New pathway to agriculture at NC State

Published 4:11 pm Tuesday, October 3, 2017

The first time Brooke Butler visited N.C. State University, her eyes opened up to a new part of North Carolina. Inspired by how thousands of students pursued their own education collectively, the Martin County native immediately committed to attending, but was not ready to leave home after high school.

Now, Butler is taking advantage of a new collaboration between N.C. State and Beaufort County Community College that allows her to start her bachelor’s degree in agricultural education at BCCC.

Butler is the first student at BCCC to enroll in PackTrac, which puts BCCC students on course for bachelor’s degrees in any of 13 majors through the College of Agriculture and Life Sciences at N.C. State. The PackTrac program clearly defines all of the classes and requirements students will need to transfer. The program also sets up advisers on both sides to help with the transition. Among the degrees that students can pursue are agricultural business management, agricultural and environmental technology, animal science, horticultural science and plant biology.

Butler’s agriculture teacher at Riverside High School, Mike Bennett, encouraged her to take an active role in Future Farmers of America. Along with Dr. Jason Davis, the North Carolina FFA coordinator, Bennett inspired Butler to become an agricultural educator herself.

Butler, who teaches horseback riding lessons at her family’s farm, was not ready to weigh herself down with student loans, or leave her family and job behind.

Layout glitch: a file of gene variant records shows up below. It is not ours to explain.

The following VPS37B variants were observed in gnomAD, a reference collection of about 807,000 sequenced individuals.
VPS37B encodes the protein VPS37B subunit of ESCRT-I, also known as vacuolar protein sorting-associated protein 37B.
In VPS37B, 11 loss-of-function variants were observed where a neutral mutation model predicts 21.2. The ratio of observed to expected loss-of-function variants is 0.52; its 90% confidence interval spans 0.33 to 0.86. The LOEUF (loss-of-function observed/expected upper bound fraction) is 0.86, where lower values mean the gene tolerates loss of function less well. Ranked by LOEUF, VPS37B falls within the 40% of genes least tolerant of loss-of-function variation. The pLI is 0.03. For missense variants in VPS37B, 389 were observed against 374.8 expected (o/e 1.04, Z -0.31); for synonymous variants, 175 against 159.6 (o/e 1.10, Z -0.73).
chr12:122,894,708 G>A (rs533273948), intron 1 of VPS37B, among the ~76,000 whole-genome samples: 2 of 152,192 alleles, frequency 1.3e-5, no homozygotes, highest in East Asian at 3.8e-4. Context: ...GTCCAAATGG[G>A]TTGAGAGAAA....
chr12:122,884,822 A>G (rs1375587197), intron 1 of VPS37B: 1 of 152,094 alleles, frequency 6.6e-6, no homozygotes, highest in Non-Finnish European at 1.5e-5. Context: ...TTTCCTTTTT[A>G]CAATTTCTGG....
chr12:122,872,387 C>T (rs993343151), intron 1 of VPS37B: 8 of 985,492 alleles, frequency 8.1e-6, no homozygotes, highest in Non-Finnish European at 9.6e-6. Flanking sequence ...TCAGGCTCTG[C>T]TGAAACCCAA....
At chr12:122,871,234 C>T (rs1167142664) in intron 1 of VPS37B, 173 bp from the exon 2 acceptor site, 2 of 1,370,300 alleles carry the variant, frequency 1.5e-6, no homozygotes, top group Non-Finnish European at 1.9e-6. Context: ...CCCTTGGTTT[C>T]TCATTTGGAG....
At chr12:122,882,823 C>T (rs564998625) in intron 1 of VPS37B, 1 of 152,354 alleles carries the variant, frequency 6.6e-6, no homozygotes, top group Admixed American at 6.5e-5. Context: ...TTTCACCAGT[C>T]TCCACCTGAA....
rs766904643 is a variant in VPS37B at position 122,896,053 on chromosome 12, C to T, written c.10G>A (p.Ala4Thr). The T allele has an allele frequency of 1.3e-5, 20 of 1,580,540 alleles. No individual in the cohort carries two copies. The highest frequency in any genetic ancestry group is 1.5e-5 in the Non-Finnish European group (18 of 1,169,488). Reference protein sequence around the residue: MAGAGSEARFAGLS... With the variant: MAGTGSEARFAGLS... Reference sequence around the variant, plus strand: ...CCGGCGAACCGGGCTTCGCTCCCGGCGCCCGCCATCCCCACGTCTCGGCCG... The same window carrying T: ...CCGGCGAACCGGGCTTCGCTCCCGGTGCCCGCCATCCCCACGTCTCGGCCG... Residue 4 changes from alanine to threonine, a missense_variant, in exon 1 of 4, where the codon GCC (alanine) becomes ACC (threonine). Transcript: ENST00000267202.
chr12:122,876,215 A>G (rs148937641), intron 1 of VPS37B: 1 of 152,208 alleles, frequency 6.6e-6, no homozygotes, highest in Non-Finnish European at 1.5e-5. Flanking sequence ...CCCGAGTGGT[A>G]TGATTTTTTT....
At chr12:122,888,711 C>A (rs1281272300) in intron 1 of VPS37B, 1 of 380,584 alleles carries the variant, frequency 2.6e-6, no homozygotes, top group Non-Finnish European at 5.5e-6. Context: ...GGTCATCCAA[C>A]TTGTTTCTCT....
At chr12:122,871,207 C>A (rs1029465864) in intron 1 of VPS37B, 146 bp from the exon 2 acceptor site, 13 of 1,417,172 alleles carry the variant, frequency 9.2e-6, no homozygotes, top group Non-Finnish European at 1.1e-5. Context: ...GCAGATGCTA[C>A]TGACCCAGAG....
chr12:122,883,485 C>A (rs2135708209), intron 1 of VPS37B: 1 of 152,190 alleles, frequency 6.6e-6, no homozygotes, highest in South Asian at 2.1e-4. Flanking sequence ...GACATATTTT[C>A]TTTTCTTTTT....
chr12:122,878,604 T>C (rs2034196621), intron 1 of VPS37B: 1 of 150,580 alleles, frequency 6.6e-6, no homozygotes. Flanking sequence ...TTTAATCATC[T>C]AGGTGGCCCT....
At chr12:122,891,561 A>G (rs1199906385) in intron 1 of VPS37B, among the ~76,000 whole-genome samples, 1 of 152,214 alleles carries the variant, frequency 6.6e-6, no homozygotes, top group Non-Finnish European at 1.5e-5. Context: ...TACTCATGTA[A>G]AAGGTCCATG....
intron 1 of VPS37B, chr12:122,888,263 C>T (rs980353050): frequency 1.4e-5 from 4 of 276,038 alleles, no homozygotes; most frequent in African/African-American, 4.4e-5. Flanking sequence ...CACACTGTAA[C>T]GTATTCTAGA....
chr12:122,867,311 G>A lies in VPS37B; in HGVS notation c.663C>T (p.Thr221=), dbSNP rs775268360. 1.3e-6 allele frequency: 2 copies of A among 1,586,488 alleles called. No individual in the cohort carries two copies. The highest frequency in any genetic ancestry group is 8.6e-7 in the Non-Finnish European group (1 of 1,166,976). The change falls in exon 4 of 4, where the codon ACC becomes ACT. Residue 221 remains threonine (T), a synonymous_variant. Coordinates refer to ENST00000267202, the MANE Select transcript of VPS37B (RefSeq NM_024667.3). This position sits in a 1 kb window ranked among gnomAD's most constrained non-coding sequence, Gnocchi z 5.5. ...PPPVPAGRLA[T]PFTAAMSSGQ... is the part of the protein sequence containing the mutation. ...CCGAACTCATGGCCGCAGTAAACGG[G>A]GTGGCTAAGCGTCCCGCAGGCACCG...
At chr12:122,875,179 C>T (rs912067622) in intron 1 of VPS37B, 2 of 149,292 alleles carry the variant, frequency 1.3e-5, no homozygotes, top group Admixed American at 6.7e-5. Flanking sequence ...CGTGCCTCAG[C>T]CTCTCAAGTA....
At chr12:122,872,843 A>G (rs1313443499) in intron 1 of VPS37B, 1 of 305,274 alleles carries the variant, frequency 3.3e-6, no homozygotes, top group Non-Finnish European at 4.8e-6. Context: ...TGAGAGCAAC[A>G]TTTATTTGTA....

“I knew I wanted to be a teacher,” she said. “I was hoping there was a way I could start at Beaufort and end up at State.”

Butler remembers thinking of N.C. State, “These students love their school.” The campus, where the enrollment exceeds the population of her entire county, could have easily overwhelmed her, but instead she saw a student population sharing in something together.

“It felt more personal than what I had heard,” she recalled.

One day, Lisa Hill, dean of arts and sciences and the adviser for PackTrac, stopped Butler in the hall and told her about the new program. Hill knew about Butler’s agricultural education ambitions. Butler immediately signed up.

Butler points out that only 1 percent of the workforce are farmers. With 7 billion people in the world to feed, the agricultural sector needs to keep innovating. After she finishes her bachelor’s degree at N.C. State, she can teach that innovation to the next generation.

For more information about the PackTrac program, contact Lisa Hill at 252-940-6223 or